Late Cuban Leader, Fidel Castro
Late Cuban Leader, Fidel Castro

By Piero Gleijeses (09 July 2007)

This year marks the 20th anniversary of the opening of the battle of Cuito Cuanavale, in south-eastern Angola, which pitted the armed forces of apartheid South Africa against the Cuban army and Angolan forces. General Magnus Malan writes in his memoirs that this campaign marked a great victory for the South African Defence Force (SADF). But Nelson Mandela could not disagree more: Cuito Cuanavale, he asserted, “was the turning point for the liberation of our continent — and of my people — from the scourge of apartheid”.

Debate over the significance of Cuito Cuanavale has been intense, partly because the relevant South African documents remain classified. I have, however, been able to study files from the closed Cuban archives as well as many US documents. Despite the ideological divide that separates Havana and Washington, their records tell a remarkably similar story.

Let me review the facts briefly. In July 1987, the Angolan army (Fapla) launched a major offensive in south-eastern Angola against Jonas Savimbi’s forces. When the offensive started to succeed, the SADF, which controlled the lower reaches of south-western Angola, intervened in the south-east. By early November, the SADF had cornered elite Angolan units in Cuito Cuanavale and was poised to destroy them.

The United Nations Security Council demanded that the SADF unconditionally withdraw from Angola, but the Reagan administration ensured that this demand had no teeth. US Assistant Secretary for Africa Chester Crocker reassured Pretoria’s ambassador: “The resolution did not contain a call for comprehensive sanctions, and did not provide for any assistance to Angola. That was no accident, but a consequence of our own efforts to keep the resolution within bounds.” [1] This gave the SADF time to annihilate Fapla’s best units.

By early 1988, South African military sources and Western diplomats were confident that the fall of Cuito was imminent. This would have dealt a devastating blow to the Angolan government.

But on November 15 1987, Cuban President Fidel Castro had decided to send more troops and weapons to Angola — his best planes with his best pilots, his most sophisticated anti-aircraft weapons and his most modern tanks. Castro’s goal was not merely to defend Cuito, it was to force the SADF out of Angola once and for all. He later described this strategy to South African Communist Party leader Joe Slovo: Cuba would halt the South African onslaught and then attack from another direction, “like a boxer who with his left hand blocks the blow and with his right — strikes”.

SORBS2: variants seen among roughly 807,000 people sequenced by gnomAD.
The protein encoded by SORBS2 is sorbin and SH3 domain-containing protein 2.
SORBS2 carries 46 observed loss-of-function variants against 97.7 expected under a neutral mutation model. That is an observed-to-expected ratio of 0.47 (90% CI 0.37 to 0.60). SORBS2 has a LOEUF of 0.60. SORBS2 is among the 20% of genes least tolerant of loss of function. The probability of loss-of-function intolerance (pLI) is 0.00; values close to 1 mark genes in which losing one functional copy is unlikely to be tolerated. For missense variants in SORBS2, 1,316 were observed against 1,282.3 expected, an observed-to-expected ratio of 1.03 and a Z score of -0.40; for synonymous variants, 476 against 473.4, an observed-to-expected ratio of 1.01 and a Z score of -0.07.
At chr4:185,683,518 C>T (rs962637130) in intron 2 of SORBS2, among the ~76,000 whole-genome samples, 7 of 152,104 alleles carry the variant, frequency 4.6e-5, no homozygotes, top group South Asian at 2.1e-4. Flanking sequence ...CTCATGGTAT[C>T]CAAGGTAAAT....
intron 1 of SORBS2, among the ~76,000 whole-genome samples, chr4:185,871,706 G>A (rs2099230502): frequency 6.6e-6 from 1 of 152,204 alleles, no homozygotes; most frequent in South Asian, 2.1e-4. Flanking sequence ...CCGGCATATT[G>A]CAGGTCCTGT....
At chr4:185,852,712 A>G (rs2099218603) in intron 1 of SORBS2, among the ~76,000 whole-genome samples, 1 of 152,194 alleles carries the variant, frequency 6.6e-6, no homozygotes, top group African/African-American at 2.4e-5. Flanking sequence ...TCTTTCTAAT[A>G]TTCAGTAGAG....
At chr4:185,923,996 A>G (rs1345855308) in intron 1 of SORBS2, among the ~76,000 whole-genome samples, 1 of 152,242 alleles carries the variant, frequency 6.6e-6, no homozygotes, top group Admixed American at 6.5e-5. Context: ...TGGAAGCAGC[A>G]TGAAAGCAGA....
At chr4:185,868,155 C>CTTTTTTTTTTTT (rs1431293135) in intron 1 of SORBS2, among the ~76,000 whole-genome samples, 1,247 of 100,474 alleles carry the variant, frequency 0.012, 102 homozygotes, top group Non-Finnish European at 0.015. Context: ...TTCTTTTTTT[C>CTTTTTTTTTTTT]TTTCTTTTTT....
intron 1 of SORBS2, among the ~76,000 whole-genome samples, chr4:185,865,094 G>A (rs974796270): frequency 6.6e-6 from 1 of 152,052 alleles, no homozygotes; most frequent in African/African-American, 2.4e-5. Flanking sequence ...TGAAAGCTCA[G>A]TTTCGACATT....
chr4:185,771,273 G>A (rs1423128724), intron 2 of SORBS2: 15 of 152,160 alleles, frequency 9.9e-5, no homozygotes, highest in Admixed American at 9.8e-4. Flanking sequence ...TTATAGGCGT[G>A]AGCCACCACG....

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Cuban planes and 1,500 Cuban solders reinforced the Angolans, and Cuito did not fall.

On March 23 1988, the SADF launched its last major attack on the town. As Colonel Jan Breytenbach writes, the South African assault “was brought to a grinding and definite halt” by
the combined Cuban and Angolan forces.

Now Havana’s right hand prepared to strike. Powerful Cuban columns were marching through
south-western Angola toward the Namibian border. The documents telling us what the South
African leaders thought about this threat are still classified. But we know what the SADF did: it gave ground. US intelligence explained that the South Africans withdrew because they were impressed by the suddenness and scale of the Cuban advance and because they believed that a major battle “involved serious risks”.

As a child in Italy, I heard my father talk about the hope he and his friends had felt in December 1941, as they listened to radio reports of German troops vacating Rostov on the Don — the first time in two years of war that the German “superman” had been forced to retreat. I remembered his words — and the profound sense of relief they conveyed — as I read South African and Namibian press reports from these months in early 1988.

On May 26 1988, the chief of the SADF announced that “heavily armed Cuban and Swapo [South West Africa People’s Organisation] forces, integrated for the first time, have moved south within 60km of the Namibian border”. The South African administrator general in Namibia acknowledged on June 26 that Cuban MIG-23s were flying over Namibia, a dramatic reversal from earlier times when the skies had belonged to the SADF. He added that “the presence of the Cubans had caused a flutter of anxiety” in South Africa.

Such sentiments were however not shared by black South Africans, who saw the retreat of the South African forces as a beacon of hope.

While Castro’s troops advanced toward Namibia, Cubans, Angolans, South Africans and
Americans were sparring at the negotiating table. Two issues were paramount: whether South Africa would finally accept implementation of UN Security Council Resolution 435, which prescribed Namibia’s independence, and whether the parties could agree on a timetable for the withdrawal of the Cuban troops from Angola.